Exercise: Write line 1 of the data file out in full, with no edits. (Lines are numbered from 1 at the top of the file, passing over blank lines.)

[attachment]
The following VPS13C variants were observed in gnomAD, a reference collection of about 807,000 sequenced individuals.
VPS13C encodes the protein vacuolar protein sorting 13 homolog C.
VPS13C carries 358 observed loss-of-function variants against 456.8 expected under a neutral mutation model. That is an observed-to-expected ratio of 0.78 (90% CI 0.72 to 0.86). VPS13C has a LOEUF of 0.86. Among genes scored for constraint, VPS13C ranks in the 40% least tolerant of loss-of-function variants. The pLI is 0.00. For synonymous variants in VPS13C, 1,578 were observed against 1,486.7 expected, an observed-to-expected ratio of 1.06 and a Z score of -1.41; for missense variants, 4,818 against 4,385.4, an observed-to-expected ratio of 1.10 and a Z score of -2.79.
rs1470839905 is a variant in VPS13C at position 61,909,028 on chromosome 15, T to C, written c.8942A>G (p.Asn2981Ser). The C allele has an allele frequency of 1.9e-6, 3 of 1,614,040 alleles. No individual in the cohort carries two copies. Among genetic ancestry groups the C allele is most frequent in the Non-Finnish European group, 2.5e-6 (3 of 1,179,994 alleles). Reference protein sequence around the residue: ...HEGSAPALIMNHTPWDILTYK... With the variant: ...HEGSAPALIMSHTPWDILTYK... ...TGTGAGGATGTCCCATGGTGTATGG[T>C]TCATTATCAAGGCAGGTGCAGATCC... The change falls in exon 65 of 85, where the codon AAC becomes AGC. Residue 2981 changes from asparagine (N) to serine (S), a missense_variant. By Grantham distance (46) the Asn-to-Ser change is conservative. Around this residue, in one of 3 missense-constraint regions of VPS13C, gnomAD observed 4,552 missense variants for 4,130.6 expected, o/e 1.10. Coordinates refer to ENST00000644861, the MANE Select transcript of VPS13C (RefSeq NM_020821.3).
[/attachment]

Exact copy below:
The following VPS13C variants were observed in gnomAD, a reference collection of about 807,000 sequenced individuals.